Sensory boxes introduced at the hospital to help calm patients

Sensory boxes to aid and calm patients with a series of complaints including learning difficulties and autism have been introduced at the West Suffolk Hospital, in Bury St Edmunds, thanks to the support of the My WiSH Charity.

The devices have been the brainchild of Liz Cotton, who is a senior matron for ward F9, ward F4, ward F3, and the Pre Assessment Clinic and Fracture Clinic, and features an Amazon Fire, wands full of glitter, sensory ooze tubes, fidget cubes and spinners.

She came up with the idea as she has a keen interest in learning disabilities as her four-year-old son William suffers from non- verbal autism.

She said the number of patients with the complaint is growing and it is estimated by Mencap that there are 1.4 million people with a learning disability in the UK.

She said: “Coming into hospital is scary enough for anyone but add to that some sensory issues, communication issues and cognitive impairment it is exceptionally frightening for our patients with a learning disability.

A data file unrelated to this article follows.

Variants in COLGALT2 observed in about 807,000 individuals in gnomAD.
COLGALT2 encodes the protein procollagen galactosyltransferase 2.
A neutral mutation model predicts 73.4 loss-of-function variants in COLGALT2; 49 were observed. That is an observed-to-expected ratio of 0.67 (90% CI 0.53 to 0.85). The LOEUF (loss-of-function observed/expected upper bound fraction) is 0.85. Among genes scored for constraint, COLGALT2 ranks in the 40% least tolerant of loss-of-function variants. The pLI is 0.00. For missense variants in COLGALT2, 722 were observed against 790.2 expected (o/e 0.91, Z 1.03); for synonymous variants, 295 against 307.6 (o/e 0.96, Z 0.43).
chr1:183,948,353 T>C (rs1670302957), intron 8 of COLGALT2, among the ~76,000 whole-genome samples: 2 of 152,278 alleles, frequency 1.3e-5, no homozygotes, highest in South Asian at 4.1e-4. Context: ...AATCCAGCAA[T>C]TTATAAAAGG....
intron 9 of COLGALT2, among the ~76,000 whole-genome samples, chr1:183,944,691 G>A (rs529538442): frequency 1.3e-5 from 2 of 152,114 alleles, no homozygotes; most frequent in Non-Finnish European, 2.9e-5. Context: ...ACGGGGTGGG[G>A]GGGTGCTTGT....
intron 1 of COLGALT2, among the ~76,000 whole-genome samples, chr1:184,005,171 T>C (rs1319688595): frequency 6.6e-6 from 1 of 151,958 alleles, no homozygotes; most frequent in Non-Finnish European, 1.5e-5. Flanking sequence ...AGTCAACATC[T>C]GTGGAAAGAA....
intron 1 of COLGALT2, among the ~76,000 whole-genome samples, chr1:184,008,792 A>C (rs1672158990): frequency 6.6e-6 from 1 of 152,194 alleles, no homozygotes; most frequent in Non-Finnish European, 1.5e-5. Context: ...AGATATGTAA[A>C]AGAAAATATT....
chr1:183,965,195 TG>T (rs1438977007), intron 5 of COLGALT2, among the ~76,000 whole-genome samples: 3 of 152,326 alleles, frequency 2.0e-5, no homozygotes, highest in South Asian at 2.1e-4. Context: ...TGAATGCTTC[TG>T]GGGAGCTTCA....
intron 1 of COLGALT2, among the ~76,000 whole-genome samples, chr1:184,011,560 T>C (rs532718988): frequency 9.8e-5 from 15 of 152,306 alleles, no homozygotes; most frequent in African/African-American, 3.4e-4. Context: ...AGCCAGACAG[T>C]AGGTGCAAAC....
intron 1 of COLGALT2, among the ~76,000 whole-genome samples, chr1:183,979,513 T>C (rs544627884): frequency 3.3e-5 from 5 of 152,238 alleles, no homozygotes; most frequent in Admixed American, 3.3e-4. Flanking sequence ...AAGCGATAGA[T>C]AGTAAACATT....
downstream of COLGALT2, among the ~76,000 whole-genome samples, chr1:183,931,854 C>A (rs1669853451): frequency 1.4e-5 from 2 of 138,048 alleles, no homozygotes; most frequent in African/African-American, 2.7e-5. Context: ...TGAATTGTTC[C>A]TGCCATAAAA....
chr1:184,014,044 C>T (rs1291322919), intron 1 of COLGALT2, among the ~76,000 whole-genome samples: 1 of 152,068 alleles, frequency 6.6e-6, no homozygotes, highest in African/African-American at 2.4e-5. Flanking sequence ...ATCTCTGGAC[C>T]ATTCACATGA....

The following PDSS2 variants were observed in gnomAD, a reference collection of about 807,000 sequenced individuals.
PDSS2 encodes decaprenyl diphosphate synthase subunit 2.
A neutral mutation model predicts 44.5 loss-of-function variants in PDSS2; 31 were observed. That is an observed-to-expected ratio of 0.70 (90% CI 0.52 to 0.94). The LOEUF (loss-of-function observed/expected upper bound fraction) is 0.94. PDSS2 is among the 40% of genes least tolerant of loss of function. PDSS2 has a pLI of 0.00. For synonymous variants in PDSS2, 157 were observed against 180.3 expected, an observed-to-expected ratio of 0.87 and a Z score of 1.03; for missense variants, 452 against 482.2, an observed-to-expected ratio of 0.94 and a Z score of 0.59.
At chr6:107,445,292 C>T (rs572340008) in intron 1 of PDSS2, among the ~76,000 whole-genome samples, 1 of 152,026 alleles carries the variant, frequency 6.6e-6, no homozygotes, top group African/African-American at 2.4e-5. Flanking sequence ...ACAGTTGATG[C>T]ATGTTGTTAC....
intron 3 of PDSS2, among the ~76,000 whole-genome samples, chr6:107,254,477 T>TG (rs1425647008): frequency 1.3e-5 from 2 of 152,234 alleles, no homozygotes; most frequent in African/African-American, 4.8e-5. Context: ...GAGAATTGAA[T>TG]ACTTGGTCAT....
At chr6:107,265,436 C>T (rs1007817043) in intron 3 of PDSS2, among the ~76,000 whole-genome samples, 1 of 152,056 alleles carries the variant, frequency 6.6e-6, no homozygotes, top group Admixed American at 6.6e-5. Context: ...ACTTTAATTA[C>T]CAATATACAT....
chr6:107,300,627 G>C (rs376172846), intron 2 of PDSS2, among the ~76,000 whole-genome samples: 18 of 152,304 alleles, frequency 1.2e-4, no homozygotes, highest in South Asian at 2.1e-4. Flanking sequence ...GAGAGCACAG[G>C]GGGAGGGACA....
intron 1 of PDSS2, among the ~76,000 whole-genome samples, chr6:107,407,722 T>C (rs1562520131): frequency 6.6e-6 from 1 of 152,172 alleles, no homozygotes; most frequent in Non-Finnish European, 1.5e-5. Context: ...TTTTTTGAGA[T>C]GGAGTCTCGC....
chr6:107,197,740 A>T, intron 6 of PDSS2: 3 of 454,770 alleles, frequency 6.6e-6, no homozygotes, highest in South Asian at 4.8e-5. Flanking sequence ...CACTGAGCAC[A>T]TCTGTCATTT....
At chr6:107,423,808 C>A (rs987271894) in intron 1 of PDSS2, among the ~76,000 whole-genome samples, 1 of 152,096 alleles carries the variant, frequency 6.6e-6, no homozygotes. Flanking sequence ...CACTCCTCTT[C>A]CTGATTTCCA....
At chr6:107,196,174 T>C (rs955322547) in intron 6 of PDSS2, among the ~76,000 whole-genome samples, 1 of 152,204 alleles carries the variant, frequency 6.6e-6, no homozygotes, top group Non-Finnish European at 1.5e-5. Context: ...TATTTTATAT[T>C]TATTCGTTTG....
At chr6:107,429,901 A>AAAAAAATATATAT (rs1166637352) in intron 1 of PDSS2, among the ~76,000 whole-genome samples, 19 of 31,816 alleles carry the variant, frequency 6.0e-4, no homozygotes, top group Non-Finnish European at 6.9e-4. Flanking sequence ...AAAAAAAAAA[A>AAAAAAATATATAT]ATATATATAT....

“After discussion with colleagues I thought that we needed something available to help this client group with their anxieties while they are inpatients on the ward.

“I sought some help from the learning disabilities nurse in the Trust for guidance as to what should be included and to make sure it was age appropriate for the adult patient.

“The box contains a number of sensory items and an Amazon Fire which has been set up with some games and streaming services. The box was totally supported by the My WiSH Charity and since launching we have had interest from other areas in the trust who would also be interested in putting one together.”

Sally Daniels, My WiSH appeal manager who worked with Liz on the project, said: “The charity is now hoping to purchase additional boxes to use around the hospital over the coming months. As Liz said, we have had interest from other areas of the hospital including the paediatric recovery team and one of the wards would like one for patients with dementia. It’s a great initiative and something we are thrilled to be part of.”

Pictured above are Kelsey Hindley (nursing assistant), Iwona Zielinska (ward manager), Liz Cotton (matron) and Fernando Medina (charge nurse).

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